Hot Springs and a Church

Not in that order, and not just any hot springs and church. But how different are they, really? The both offer the same sense of peace and solitude–even in a crowd. To me anyway.

“I believe in God, only I spell it ‘Nature’.” – Frank Lloyd Wright.

And then there’s architecture.

But we start with church, San Francisco de Asis in Ranchos de Taos, an offshoot community from the Taos Pueblo. It’s old. I could have posted the picture I took of it, but since it is in the running for a building in the United States that has inspired the most depictions that seemed wrong. Georgia O’Keeffe painted it; Ansel Adams photographed it. And then there’s me with my iPhone.

The church is made of adobe—which Ranchos de Taos residents re-mud every year—and it’s said that for O’Keefe it was more like painting a landscape than a building since it’s made of the earth. She described it as “One of the most beautiful buildings left in the United States by the early Spaniards,” and that it’s as compulsory for New Mexican artists to paint as a self-portrait. Here’s one of her paintings that showcases the unique beehive buttresses of the backside of the church. She painted three images of the back and only one of the front.

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Adams shot the back and the front.

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The building adjacent to the church clearly does not get a re-mudding every year:

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Because of my constant, excessive hydration I had to go to the bathroom, so walked across the street to Martina’s, eyeing the trading post on the way over. When I walked into the trading post, Del Orr was teaching a (white) kid to make his own beaded moccasins and said, “Did you see the beams in that place?” He’s a gem. I thought he was talking about the church, but no, and he sent me back across the street to Martina’s to check out the back room before he’d let me shop. “Just walk through the big doors in the back,” he instructed, which is as much direction as I’d gotten in New Mexico.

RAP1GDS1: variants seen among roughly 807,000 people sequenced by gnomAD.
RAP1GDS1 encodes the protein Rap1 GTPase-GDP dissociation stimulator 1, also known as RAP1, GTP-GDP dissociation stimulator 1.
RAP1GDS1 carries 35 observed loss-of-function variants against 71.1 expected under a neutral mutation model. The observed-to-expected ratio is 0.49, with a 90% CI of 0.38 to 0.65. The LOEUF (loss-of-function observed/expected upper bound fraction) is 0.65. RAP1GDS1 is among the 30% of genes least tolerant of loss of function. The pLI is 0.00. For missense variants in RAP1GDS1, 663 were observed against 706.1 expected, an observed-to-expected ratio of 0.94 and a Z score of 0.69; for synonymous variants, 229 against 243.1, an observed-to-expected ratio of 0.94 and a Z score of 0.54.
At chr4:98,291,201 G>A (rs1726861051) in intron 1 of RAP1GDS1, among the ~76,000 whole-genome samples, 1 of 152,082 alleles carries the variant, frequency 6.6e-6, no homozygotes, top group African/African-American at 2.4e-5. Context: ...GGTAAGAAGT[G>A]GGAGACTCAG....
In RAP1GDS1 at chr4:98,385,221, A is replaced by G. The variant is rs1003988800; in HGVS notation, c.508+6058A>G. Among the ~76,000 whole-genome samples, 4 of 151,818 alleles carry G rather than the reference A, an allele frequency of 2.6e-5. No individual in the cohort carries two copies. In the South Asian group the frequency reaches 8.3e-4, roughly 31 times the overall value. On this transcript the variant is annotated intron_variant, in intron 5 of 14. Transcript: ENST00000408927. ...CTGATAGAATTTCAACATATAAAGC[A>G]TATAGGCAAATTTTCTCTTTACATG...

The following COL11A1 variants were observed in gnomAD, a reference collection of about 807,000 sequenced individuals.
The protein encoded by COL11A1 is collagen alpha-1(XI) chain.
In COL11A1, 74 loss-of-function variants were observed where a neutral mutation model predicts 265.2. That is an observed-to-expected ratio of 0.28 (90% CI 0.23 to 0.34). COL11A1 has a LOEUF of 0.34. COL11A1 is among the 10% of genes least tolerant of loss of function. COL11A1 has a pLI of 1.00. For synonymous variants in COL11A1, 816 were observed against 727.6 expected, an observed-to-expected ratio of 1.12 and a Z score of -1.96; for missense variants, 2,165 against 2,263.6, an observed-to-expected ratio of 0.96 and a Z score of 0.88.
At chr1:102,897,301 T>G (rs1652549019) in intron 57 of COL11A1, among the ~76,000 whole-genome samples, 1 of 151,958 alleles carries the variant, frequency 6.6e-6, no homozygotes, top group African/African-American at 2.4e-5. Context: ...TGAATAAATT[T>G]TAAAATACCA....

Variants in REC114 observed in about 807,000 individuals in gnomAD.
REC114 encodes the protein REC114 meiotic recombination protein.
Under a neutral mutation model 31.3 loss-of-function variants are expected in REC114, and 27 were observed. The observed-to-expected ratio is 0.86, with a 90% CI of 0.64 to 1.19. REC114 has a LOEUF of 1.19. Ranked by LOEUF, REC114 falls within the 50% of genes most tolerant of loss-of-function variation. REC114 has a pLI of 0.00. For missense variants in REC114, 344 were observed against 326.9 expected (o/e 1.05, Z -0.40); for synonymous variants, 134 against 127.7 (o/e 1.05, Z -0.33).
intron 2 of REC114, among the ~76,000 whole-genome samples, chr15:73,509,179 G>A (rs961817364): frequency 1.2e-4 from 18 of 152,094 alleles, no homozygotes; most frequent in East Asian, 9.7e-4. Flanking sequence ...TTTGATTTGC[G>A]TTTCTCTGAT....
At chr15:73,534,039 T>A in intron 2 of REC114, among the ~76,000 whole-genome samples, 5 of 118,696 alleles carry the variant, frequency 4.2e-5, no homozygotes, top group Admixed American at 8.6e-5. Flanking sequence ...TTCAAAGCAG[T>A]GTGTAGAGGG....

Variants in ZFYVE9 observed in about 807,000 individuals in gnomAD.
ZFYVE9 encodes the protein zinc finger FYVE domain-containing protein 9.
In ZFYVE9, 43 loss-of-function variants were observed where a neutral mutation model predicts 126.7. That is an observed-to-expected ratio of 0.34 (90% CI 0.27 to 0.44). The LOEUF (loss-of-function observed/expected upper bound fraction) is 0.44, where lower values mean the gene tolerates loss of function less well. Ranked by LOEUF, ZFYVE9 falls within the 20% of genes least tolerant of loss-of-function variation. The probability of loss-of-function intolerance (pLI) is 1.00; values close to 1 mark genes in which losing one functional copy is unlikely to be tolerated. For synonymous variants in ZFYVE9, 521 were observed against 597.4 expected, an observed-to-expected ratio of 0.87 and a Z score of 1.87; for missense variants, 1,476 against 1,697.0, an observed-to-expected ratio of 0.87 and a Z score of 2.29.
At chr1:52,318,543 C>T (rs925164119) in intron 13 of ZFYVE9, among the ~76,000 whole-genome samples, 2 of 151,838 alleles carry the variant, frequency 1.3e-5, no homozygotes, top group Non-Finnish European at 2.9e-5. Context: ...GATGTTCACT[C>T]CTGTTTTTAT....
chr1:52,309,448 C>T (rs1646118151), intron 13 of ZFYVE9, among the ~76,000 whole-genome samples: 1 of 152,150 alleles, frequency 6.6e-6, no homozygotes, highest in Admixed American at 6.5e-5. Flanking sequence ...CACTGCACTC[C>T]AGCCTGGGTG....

I’d walked by those doors on the way to the bathroom, and hadn’t thought to push them open, but I’m so glad I did. I’m not diminishing the power of sanctity of a church, but I’ll tell you that I sat in that majestic hall and felt a sense of peace I hadn’t felt in awhile. And oh my, the stained glass.

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When I went back to the trading post Del told me that the beams are reported to be the largest in New Mexico. Maybe that was it–the sense of grandeur and preservation–another local claim to being the largest or biggest or oldest. He also told me that his trading post is the oldest continually operating trading post in the United States. I haven’t fact-checked this, but I believe him. The history in New Mexico is truly remarkable, and the connection to it so sweet.

“You can wear that with an evening dress or a sweatshirt,” Del said, obviously sensing my loose rules for fashion. I bought the necklace with my out of state check, wasn’t charged tax and Del and I exchanged a hug. Inside Del Orr’s Trading Post:

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Later in the week I decided it was time to find the local, natural hot springs. Levi and Amanda had gone twice in two days and raved about it. I knew that if I waited too much longer I’d regret it. I’m halfway through my stay here—the winter is not so young. More action is required.

I met a nice family from Maine in the parking lot, which was good, because even with all my traveling I’m still not excited to be alone in a gorge with a naked man, which is what I would have encountered had the family not been there. Solitude is usual the goal at hot springs, but I was grateful for this family and the children who were amazing, natural conversationalists.

It was a cold day, and I got out, dried off and dressed in the wind before they did. I snapped a photo of them soaking together and emailed it to them. Here they are:

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A few more photos from my time at Stagecoach Hot Springs, and one from the ride home. Love.

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